The fighting in Syria is beginning to spill over into western Iraq. Earlier today, 48 Syrian and nine Iraqi soldiers were killed in an ambush in Iraq’s western province of Anbar. From Al Jazeera:
The soldiers crossed into Iraq from the Yaarabiya border crossing, the scene of heavy fighting on Saturday between rebels and troops loyal to President Bashar al-Assad, said Lieutenant Colonel Mohammed Khalaf al-Dulaimi of the border protection forces on Monday.
Ali Mussawi, Prime Minister Nuri al-Maliki’s spokesman, said the ambush “confirms our fears of the attempt of some to move the conflict to Iraq, but we will face these attempts by all sides with all of our power”.
The defence ministry said in an online statement that the ambush was carried out “by a terrorist group that infiltrated into Iraqi territory coming from Syria,” and put the death toll at 48 Syrian soldiers and nine Iraqi guards.
It said a number of unarmed Syrian soldiers wounded in fighting had fled to Iraq for medical treatment and were being transferred to Al-Walid border crossing to be returned to Syria through “official channels”.
But they were ambushed on the way, in what the ministry termed “an attack against the sovereignty of Iraq, its land, and its dignity, and a clear violation of human rights, as [the soldiers] were wounded and unarmed”.
Just five days ago, Iraqi Prime Minister Maliki warned that the civil war in Syria may spill over into Iraq and Jordan.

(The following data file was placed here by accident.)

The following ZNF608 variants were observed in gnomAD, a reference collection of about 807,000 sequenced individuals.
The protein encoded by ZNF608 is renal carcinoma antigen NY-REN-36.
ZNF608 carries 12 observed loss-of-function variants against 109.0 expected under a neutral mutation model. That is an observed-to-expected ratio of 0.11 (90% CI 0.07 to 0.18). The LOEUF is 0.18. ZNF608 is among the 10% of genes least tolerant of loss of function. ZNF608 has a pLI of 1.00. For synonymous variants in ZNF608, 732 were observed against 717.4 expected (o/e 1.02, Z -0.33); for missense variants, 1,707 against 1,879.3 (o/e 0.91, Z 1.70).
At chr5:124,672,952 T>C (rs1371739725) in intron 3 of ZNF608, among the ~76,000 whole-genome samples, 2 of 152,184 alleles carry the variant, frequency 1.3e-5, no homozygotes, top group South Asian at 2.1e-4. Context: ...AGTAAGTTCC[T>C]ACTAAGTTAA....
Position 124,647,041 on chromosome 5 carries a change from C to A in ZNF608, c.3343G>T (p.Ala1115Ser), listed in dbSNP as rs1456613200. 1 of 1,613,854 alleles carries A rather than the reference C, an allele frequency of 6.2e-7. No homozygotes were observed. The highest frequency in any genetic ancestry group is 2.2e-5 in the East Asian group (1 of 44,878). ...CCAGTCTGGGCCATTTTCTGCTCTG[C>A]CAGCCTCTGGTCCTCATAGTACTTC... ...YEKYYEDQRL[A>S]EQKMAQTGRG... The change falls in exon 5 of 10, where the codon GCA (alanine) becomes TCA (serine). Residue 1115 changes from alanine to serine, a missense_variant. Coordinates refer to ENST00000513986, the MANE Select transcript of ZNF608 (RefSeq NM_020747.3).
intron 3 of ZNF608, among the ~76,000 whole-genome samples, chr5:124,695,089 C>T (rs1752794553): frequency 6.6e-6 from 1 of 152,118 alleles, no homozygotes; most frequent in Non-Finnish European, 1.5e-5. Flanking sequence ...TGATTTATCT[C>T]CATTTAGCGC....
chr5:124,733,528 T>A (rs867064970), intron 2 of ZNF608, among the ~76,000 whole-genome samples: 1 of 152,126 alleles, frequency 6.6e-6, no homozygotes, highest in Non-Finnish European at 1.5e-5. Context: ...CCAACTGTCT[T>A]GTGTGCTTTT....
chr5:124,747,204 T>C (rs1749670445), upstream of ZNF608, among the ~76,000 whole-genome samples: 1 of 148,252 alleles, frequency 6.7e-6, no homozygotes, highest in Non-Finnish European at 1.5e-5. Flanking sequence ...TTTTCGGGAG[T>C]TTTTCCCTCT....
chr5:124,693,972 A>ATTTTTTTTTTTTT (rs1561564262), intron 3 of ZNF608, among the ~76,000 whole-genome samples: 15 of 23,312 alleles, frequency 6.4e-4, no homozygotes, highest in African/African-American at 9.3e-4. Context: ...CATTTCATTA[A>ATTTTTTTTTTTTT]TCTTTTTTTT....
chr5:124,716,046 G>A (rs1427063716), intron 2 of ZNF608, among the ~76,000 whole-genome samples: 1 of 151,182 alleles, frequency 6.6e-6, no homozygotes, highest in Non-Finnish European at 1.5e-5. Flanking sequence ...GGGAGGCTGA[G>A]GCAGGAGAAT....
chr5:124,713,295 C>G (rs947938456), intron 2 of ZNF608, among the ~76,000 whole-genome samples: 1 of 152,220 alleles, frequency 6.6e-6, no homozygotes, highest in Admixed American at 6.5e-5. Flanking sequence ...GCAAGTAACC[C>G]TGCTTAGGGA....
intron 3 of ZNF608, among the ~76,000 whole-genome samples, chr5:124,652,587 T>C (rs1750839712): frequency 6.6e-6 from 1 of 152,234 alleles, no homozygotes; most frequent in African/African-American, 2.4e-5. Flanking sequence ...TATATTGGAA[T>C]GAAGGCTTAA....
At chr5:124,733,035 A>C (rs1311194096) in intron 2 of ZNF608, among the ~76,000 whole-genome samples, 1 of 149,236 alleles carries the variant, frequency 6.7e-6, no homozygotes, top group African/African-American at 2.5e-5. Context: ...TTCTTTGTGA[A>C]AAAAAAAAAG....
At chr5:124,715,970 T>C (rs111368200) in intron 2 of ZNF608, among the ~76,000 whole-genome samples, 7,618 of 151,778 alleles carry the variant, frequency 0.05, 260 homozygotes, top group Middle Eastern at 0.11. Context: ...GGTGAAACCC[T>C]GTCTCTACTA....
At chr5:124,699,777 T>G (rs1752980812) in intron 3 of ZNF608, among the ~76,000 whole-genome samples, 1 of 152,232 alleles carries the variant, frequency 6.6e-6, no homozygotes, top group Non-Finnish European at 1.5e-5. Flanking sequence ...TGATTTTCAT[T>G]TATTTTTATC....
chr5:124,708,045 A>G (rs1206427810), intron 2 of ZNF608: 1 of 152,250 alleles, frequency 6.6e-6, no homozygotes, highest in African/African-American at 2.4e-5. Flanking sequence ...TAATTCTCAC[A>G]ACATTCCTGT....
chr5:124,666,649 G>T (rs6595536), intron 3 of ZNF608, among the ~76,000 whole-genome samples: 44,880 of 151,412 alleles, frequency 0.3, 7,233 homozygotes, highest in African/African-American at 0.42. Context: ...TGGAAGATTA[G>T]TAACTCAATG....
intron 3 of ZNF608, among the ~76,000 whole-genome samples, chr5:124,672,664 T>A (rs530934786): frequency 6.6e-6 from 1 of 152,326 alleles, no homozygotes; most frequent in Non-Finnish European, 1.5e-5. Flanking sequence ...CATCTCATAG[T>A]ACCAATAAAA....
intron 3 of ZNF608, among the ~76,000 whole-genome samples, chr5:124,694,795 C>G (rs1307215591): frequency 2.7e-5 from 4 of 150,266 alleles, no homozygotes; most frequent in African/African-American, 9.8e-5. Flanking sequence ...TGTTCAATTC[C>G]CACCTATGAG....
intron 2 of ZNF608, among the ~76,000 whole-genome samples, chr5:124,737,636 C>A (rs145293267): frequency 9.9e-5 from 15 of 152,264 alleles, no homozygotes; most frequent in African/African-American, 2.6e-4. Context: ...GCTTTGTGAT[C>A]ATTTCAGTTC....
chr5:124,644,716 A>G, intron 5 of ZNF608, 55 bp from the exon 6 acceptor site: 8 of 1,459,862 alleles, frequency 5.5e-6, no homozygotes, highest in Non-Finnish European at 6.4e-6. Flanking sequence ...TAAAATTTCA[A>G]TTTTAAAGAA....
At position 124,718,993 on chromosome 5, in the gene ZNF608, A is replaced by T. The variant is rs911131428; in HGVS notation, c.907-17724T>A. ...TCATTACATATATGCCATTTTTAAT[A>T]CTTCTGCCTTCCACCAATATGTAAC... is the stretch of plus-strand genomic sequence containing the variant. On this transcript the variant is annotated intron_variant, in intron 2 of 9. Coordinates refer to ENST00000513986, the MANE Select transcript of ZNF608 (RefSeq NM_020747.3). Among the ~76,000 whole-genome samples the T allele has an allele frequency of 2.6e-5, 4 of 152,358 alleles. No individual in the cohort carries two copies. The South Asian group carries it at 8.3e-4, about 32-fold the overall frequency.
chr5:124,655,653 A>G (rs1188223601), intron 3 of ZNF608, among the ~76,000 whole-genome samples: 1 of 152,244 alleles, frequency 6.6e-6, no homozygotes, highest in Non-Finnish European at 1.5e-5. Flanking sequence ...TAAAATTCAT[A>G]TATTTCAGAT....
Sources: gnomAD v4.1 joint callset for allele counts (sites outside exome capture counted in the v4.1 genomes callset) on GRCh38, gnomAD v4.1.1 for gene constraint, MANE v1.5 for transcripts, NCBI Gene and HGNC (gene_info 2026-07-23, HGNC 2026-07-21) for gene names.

As the Iraqi Defense Ministry notes, the attack was very likely executed by al Qaeda in Iraq, or the Al Nusrah Front. But then again, that is a distinction without a difference, as the Al Nusrah Front is an extension of al Qaeda in Iraq. According to the US State Department, the Al Nusrah Front, which fights in Syria, receives orders directly from Abu Du’a (or Abu Bakr al Baghdadi), the emir of al Qaeda in Iraq’s Islamic State of Iraq.
As an aside, President Obama’s decision to withdraw all US forces from Iraq at the end of 2011 is having serious repercussions for the security situation in the heart of the Middle East. Not only did al Qaeda in Iraq gain the time and space to regroup and rebuild, it was able to establish a potent fighting force inside Syria. Without military forces in country, the US has been unable to support the Iraqi government in a counterterrorism campaign against al Qaeda in Iraq. And the US lost its access to the Sunni tribes in Anbar and other provinces. The access to the tribes could have been key in fighting al Qaeda in Iraq and could have given the US a foothold inside Syria as well (the tribes in western Iraq extend into Syria).
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